Divorce is a significant, life-altering event and its messy aftermath may play out for years on end. Multiple issues usually need to be looked into, including finances, housing, custody and access, and these often involve handling disagreements with one’s ex-spouse. With so many practical issues weighing on the mind during this stressful period, mental and emotional health can easily be neglected.
Even after the legal procedures of divorce come to a close, it is equally if not more important for both parties to seek emotional and mental closure. The difficulty of attaining such closure is usually greater if individuals are afraid of facing their feelings honestly, often due to how overwhelming and painful a divorce is.
Closure generally refers to the ability to accept that a marriage has ended, signalling a readiness to move forward. But experiences of closure vary, depending on factors such as whether a marital breakdown was mutual and amicable, whether one initiated the divorce or was on the receiving end, and whether there are children who will bind both parties as co-parents in the long term. What is generally common though, is that individuals experience a myriad of emotions which can be complex and painful, and require a constructive way of processing.
Such emotional processing and eventual closure are crucial in helping parties make sense of the pain and confusion of divorce. Unprocessed pain tends to unleash itself in unexpected ways, and may cause hurt to the divorcing parties, their children and their work relationships if left unattended. Even as time passes, old wounds can flare up unexpectedly like an uninvited and unwelcome intruder.
Emotional healing and closure are therefore crucial to help divorcing parties regain functionality of their daily lives. Processing emotions frees up bandwidth for them to focus their energy and attention on other tasks, especially crucial decisions relating to finances, housing and co-parenting. Conversely, a lack of closure may lead divorcing spouses to act on feelings of hurt and blame, potentially causing harm to their children. Without closure, discussions on the interests of their children may lead to perfunctory agreements on custody, care and control, leading to further disagreements down the road.
Although each divorcing couple faces their own set of issues, there are some common ways to facilitate closure in a divorce.
Recognize and acknowledge your emotions. Self-awareness and self-understanding is usually the first step to healing, because we cannot seek closure on something we deny the existence of, or are unaware of. This requires divorcing parties to articulate feelings honestly, recognize that divorce is painful and difficult, and seek healthy outlets to express these emotions, such as journaling or talking to someone.
Identify and understand each party’s contribution to the dissolution of the marriage. It is usually not solely the fault of one party, however tempting it is to perceive divorce this way. Appreciating both perspectives helps one maintain a more balanced and objective viewpoint, and prevents the process from descending into a blame game.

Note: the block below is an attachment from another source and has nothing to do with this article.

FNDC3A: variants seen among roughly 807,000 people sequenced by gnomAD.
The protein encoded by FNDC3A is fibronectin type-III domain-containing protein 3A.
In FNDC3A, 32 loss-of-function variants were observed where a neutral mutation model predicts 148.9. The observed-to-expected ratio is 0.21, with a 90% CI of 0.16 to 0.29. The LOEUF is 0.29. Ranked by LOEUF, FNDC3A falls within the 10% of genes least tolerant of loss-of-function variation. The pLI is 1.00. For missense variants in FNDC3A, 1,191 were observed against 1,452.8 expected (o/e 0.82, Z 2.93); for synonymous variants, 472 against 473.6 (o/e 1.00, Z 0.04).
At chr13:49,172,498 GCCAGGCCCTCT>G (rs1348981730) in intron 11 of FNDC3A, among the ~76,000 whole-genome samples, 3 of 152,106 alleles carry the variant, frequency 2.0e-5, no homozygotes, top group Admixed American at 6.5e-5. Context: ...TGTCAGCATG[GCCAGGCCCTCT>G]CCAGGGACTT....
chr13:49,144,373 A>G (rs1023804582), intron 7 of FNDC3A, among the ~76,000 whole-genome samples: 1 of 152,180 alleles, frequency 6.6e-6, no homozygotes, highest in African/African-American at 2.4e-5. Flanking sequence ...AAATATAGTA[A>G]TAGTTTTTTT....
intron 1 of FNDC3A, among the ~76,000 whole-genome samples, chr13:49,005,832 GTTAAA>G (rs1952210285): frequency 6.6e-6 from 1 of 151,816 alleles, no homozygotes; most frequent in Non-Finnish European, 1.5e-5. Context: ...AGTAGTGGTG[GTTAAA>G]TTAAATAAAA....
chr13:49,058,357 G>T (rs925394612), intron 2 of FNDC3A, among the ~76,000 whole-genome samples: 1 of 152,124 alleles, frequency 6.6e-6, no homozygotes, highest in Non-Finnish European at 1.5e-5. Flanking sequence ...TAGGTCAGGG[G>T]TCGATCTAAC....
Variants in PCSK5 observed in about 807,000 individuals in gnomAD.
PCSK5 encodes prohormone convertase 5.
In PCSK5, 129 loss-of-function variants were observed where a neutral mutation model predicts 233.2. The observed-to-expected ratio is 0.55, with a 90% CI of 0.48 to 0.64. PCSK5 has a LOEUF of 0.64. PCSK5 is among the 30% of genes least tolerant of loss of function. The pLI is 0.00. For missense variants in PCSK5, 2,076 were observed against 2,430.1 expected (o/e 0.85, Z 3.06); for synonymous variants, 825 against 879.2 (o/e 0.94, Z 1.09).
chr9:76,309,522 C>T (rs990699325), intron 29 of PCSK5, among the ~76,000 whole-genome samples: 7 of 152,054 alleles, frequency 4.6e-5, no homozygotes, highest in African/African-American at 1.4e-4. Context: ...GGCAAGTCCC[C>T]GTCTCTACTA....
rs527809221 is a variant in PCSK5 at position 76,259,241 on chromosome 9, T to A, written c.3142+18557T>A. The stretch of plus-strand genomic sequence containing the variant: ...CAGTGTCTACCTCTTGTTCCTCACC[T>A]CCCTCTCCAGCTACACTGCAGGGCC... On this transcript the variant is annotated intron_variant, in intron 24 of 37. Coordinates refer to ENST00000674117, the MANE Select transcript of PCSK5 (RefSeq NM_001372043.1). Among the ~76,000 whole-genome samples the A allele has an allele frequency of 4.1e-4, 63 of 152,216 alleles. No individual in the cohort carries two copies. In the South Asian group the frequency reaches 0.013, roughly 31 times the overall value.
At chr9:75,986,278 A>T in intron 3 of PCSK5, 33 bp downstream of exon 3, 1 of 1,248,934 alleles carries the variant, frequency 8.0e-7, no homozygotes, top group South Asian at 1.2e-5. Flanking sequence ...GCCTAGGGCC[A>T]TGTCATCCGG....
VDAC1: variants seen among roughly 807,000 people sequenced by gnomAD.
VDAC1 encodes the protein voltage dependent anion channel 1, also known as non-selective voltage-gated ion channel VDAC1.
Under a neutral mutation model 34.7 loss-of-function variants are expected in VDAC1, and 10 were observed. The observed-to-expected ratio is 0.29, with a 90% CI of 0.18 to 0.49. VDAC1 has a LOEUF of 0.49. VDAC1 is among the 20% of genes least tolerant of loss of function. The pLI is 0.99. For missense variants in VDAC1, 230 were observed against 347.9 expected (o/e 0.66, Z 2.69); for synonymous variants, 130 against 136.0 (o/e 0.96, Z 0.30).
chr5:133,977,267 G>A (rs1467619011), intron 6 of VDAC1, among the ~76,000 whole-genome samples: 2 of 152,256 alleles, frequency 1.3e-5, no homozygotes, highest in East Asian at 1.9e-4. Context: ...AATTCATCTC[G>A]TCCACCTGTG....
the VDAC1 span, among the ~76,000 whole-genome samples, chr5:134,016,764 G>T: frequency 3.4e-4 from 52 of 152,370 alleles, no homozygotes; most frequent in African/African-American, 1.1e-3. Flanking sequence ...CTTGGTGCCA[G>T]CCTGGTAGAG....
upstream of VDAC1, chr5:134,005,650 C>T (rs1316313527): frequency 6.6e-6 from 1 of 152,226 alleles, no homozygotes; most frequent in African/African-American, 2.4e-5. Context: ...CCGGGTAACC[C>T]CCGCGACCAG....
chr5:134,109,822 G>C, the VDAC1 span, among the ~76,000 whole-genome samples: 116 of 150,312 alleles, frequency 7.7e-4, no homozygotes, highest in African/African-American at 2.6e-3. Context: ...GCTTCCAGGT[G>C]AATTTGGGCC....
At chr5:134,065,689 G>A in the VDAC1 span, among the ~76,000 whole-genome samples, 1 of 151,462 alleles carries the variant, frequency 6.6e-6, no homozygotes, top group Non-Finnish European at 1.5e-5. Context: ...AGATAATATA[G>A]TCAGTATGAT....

Breaking the news of the divorce to the children. This is usually a major milestone to cross in helping a family come to terms with its breakdown, and often a significant memory etched in the minds of parties involved. It is therefore important for parents to communicate the news of their divorce to their children in a manner that is non-blaming, age-appropriate, consistent, and supportive.
Using rituals. Rituals can help some cope better with the grief and loss associated with divorce. Seemingly trivial actions may evoke much pain, but may paradoxically also be helpful in facilitating closure. Examples include discarding family photos or moving them out of sight, or visiting a place which holds significant meaning to a marriage, for purposes of bidding a symbolic goodbye to the relationship.
Working towards forgiveness. Work towards forgiving yourself and/or your ex-spouse. Forgiveness is not so much an acknowledgement that the other party was right, but a sign that you are able to put the sting of anger and blame behind you, and be freed to move on in life without the burden of bitterness and resentment.
Focusing on the future. After emotions have been processed, parties will be able to focus on the future as they redefine their relationship with their ex-spouse and re-orient their lives post-divorce. For divorcing parties who are parents, the act of closure also entails establishing clear boundaries and roles in co-parenting, giving rise to a newly-defined family relationship.
Closure is important for all divorcing parties, especially if they are parents. Children do not have a choice in whether or not to suffer the pain of a family breakdown, therefore the responsibility lies on adults to do the hard work of seeking a proper closure, and ensure the least damaging outcome for their children. In the words of Robert Emery, a clinical psychologist, mediator, and author of resources on divorce, “We have to be parents so that our kids can be kids”.
Finding closure can be a painful and challenging task, and understandably, most would require support in this journey. Divorced individuals or those journeying through a divorce can consider seeking professional help. A proper closure frees one to look forward to the next chapter of life with greater hope and peace, and gives children the best chance to adjust and thrive in the face of difficult circumstances.